British employers are lagging behind their European counterparts when it comes to offering flexible working.
A new survey coordinated by the Cranfield School of Management in the UK found that only 48 per cent of British employers offer their workers flexitime, compared to 90 per cent in Germany, 94 per cent in Sweden and 92 per cent in Finland.
When it comes to tele-working the UK is similarly near the bottom of the class, with only 20 per cent of employers offering the chance to work away from the office, compared to 44 per cent in Germany and Sweden and 40 per cent in Norway.
Although British employers are offering flexible working practices such as part-time working, job-sharing and home-working, the UK is still trailing behind the competition in terms of offering its employees overall flexibility, the report concludes.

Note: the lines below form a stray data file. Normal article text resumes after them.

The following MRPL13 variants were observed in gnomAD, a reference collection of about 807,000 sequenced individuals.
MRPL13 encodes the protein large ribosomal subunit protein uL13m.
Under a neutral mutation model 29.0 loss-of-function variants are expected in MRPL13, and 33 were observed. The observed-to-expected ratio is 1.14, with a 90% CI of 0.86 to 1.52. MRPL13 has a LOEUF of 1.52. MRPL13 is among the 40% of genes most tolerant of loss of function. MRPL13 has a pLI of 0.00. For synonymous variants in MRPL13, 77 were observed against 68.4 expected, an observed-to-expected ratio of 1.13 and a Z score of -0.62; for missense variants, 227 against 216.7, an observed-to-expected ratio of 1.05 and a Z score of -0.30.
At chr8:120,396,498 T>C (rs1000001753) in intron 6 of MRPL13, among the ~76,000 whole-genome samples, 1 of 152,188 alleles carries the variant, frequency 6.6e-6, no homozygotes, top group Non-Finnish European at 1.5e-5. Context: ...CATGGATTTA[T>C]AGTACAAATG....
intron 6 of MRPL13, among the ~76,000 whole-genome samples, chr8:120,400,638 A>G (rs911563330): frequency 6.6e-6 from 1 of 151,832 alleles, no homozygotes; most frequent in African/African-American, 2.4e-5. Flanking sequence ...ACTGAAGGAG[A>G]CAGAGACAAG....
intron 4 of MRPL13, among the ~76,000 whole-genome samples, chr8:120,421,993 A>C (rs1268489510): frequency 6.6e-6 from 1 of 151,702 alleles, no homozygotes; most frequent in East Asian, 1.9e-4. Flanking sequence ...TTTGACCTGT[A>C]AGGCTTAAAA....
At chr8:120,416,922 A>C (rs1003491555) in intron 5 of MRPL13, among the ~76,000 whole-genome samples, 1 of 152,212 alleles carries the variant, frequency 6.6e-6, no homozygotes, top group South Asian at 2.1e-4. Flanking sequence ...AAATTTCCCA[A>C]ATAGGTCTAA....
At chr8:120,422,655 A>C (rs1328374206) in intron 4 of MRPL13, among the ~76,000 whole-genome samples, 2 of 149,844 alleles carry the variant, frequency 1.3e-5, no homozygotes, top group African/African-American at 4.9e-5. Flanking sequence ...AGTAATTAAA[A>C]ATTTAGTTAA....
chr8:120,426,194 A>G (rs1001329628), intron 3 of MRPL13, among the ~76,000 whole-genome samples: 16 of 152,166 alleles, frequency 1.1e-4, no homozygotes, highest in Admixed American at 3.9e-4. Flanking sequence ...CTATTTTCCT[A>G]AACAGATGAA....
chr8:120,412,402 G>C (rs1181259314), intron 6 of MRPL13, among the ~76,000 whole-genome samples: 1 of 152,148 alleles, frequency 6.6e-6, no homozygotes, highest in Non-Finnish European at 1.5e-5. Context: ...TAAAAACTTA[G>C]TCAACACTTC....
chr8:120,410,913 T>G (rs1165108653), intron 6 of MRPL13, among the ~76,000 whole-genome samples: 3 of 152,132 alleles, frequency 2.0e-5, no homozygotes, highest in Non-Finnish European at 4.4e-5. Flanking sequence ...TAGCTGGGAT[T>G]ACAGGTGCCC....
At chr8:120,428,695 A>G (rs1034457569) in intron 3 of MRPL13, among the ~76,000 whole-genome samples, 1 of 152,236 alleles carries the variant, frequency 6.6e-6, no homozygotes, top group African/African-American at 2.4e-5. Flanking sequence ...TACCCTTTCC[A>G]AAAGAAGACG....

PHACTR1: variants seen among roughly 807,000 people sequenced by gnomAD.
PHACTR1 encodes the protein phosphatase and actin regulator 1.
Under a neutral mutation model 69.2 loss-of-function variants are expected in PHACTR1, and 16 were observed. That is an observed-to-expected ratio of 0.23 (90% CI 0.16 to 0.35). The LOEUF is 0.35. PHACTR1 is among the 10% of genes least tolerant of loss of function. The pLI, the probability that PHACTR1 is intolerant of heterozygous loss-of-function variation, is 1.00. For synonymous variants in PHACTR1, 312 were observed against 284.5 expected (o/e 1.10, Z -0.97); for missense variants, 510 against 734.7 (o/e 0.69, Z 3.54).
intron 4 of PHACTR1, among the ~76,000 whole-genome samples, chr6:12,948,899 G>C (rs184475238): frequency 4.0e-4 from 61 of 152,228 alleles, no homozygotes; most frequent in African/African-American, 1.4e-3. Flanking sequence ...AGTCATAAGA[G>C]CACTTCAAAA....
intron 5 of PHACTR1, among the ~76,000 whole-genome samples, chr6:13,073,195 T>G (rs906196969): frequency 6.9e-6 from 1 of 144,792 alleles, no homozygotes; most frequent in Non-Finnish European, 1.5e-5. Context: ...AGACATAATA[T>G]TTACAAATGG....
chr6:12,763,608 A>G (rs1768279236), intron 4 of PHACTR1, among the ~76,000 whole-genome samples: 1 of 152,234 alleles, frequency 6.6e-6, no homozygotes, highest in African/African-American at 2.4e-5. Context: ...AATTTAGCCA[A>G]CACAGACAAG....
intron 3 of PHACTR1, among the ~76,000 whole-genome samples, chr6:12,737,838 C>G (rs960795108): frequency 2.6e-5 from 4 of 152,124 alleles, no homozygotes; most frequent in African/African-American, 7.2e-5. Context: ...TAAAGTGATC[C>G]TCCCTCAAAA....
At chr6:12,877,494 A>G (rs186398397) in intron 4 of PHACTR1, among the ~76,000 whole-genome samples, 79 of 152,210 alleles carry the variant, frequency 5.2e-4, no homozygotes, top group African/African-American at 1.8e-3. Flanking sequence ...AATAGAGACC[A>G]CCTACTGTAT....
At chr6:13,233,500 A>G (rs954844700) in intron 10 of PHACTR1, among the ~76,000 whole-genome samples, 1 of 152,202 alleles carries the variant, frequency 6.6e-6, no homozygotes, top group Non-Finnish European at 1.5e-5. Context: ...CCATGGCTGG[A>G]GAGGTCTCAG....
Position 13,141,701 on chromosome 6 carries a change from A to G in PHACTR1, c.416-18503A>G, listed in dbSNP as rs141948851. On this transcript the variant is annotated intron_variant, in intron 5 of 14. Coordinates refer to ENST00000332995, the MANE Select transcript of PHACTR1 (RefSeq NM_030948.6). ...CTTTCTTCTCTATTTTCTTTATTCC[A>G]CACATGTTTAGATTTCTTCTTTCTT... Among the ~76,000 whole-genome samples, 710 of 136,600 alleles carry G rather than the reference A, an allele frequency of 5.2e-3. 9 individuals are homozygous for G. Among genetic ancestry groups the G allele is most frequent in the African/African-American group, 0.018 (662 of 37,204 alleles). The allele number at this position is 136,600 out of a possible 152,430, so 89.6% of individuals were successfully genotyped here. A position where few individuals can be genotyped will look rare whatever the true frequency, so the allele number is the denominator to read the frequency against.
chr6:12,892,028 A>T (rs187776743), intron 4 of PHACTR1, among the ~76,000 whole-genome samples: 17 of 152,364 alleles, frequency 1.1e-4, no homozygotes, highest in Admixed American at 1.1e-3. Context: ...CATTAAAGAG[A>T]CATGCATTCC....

"Whilst there may be more restrictive labour laws in some European countries, than in the UK, the development of flexible working time and flexibility of contract is almost universal," said Professor Shaun Tyson, director of Cranfield School of Management's Human Resource Research Centre.
Employers in many countries see flexible working practices as part of a social contract to provide working conditions that are family friendly, explained Professor Tyson, as well as offering energy savings for businesses.
Women's policy officer for the TUC, Rebecca Gill, yesterday called for greater flexibility to be offered to women in the workplace to enable them to fulfil their family responsibilities and their potential at work.